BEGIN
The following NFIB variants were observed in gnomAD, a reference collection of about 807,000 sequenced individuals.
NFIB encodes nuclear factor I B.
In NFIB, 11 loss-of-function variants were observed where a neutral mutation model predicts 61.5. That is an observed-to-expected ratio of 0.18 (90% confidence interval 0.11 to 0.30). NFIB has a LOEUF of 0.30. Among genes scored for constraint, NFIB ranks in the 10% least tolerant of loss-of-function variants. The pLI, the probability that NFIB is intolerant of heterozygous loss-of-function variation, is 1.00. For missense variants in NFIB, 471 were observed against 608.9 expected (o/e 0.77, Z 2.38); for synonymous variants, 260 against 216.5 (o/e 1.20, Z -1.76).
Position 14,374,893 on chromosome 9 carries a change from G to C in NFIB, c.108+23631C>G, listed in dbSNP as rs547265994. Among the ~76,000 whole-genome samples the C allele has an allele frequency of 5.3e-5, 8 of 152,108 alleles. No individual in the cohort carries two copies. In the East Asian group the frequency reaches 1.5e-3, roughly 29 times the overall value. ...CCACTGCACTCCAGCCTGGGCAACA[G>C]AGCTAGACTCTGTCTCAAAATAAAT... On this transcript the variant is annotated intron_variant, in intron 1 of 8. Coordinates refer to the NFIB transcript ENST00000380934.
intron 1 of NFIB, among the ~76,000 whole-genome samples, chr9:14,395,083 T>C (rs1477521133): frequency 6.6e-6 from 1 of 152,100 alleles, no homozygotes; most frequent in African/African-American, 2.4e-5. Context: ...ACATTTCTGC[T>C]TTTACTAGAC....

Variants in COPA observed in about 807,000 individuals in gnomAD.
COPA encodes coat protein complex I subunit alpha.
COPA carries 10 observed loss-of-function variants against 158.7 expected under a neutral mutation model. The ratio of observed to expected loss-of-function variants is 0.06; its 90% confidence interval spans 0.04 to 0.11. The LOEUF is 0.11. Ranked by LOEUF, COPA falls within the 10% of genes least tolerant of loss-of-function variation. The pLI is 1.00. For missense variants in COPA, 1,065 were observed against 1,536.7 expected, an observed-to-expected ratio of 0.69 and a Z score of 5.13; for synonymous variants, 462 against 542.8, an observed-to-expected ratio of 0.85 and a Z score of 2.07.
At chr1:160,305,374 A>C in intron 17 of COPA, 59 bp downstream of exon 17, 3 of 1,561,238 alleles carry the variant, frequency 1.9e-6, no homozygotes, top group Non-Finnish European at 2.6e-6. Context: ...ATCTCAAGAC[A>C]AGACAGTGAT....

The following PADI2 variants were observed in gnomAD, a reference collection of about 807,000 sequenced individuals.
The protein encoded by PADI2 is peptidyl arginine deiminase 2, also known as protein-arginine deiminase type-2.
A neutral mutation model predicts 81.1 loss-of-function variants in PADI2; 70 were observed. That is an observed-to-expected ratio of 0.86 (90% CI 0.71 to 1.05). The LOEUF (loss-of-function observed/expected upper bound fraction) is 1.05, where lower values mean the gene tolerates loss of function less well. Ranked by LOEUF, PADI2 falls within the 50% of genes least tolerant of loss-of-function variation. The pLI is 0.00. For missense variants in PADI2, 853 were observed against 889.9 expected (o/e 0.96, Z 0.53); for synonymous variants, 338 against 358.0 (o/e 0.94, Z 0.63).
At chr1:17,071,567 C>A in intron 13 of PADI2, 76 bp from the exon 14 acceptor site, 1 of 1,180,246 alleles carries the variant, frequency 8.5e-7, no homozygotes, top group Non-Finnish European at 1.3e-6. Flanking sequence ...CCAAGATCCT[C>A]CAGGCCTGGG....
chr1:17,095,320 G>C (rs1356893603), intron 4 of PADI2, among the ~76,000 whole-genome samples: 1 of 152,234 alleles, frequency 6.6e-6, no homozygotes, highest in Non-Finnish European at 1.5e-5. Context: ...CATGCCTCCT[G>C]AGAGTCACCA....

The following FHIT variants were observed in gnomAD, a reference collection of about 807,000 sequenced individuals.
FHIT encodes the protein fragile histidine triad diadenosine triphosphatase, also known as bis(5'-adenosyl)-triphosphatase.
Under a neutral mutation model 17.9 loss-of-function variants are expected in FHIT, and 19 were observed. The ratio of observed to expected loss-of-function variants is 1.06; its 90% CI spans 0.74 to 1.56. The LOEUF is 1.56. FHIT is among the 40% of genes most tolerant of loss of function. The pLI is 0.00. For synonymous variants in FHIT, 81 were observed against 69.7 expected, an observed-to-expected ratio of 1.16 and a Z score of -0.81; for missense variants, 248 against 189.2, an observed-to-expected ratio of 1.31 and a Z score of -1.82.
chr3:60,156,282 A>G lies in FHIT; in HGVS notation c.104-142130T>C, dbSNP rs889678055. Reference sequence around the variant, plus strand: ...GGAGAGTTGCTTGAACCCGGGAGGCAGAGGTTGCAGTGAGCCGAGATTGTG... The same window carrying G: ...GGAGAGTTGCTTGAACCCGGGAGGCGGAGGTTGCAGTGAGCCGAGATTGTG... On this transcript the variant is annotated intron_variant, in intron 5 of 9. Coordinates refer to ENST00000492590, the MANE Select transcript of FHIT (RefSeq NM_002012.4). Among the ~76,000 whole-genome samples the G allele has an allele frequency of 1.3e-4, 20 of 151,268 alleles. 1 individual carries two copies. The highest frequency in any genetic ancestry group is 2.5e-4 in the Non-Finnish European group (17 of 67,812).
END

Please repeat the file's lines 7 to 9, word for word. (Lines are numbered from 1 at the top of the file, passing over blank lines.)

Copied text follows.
COPA encodes coat protein complex I subunit alpha.
COPA carries 10 observed loss-of-function variants against 158.7 expected under a neutral mutation model. The ratio of observed to expected loss-of-function variants is 0.06; its 90% confidence interval spans 0.04 to 0.11. The LOEUF is 0.11. Ranked by LOEUF, COPA falls within the 10% of genes least tolerant of loss-of-function variation. The pLI is 1.00. For missense variants in COPA, 1,065 were observed against 1,536.7 expected, an observed-to-expected ratio of 0.69 and a Z score of 5.13; for synonymous variants, 462 against 542.8, an observed-to-expected ratio of 0.85 and a Z score of 2.07.
At chr1:160,305,374 A>C in intron 17 of COPA, 59 bp downstream of exon 17, 3 of 1,561,238 alleles carry the variant, frequency 1.9e-6, no homozygotes, top group Non-Finnish European at 2.6e-6. Context: ...ATCTCAAGAC[A>C]AGACAGTGAT....